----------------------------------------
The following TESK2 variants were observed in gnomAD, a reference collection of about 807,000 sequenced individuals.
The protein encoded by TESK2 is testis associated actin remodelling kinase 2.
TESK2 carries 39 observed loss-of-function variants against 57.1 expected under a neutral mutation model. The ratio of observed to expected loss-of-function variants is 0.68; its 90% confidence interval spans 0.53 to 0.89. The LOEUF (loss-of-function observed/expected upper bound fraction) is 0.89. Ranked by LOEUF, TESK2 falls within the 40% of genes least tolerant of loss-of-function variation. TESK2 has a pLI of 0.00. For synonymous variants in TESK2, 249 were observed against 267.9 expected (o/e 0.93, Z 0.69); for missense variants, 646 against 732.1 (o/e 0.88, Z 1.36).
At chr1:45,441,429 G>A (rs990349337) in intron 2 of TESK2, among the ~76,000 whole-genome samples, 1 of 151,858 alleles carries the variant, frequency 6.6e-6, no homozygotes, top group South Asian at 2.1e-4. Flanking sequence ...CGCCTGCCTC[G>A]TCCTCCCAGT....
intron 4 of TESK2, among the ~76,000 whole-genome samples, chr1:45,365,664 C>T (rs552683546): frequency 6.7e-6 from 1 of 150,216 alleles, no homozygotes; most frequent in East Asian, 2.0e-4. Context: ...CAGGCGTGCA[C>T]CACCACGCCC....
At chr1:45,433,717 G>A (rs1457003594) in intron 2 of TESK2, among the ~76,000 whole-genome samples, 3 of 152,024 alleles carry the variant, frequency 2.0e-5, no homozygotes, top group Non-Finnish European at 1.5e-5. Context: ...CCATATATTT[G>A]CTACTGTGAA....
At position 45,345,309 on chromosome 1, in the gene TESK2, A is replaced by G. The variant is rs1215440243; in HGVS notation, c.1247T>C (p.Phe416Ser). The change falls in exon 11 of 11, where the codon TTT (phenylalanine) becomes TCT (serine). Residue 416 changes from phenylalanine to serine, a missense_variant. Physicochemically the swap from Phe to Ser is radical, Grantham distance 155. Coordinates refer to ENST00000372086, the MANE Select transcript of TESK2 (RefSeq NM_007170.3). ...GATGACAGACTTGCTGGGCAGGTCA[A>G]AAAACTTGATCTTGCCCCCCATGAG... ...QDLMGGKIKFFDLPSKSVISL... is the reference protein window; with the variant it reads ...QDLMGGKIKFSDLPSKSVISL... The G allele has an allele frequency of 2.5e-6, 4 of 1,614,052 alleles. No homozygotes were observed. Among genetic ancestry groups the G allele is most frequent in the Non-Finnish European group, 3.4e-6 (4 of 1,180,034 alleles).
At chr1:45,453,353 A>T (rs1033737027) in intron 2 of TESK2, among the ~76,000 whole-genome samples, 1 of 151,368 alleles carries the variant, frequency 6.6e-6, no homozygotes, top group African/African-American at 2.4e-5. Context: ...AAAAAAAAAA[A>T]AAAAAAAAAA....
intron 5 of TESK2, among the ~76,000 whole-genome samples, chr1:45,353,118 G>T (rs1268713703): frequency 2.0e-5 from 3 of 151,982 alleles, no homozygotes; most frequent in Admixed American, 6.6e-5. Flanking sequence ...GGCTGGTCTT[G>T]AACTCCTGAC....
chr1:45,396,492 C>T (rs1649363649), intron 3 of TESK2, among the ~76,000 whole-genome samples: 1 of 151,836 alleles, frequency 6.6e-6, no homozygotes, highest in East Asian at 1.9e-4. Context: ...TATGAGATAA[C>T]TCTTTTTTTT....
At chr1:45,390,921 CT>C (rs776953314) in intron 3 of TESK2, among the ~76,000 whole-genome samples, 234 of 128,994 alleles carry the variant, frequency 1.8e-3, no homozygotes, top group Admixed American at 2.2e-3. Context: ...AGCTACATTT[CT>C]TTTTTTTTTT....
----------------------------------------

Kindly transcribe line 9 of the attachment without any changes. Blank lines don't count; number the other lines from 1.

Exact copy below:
intron 5 of TESK2, among the ~76,000 whole-genome samples, chr1:45,353,118 G>T (rs1268713703): frequency 2.0e-5 from 3 of 151,982 alleles, no homozygotes; most frequent in Admixed American, 6.6e-5. Flanking sequence ...GGCTGGTCTT[G>T]AACTCCTGAC....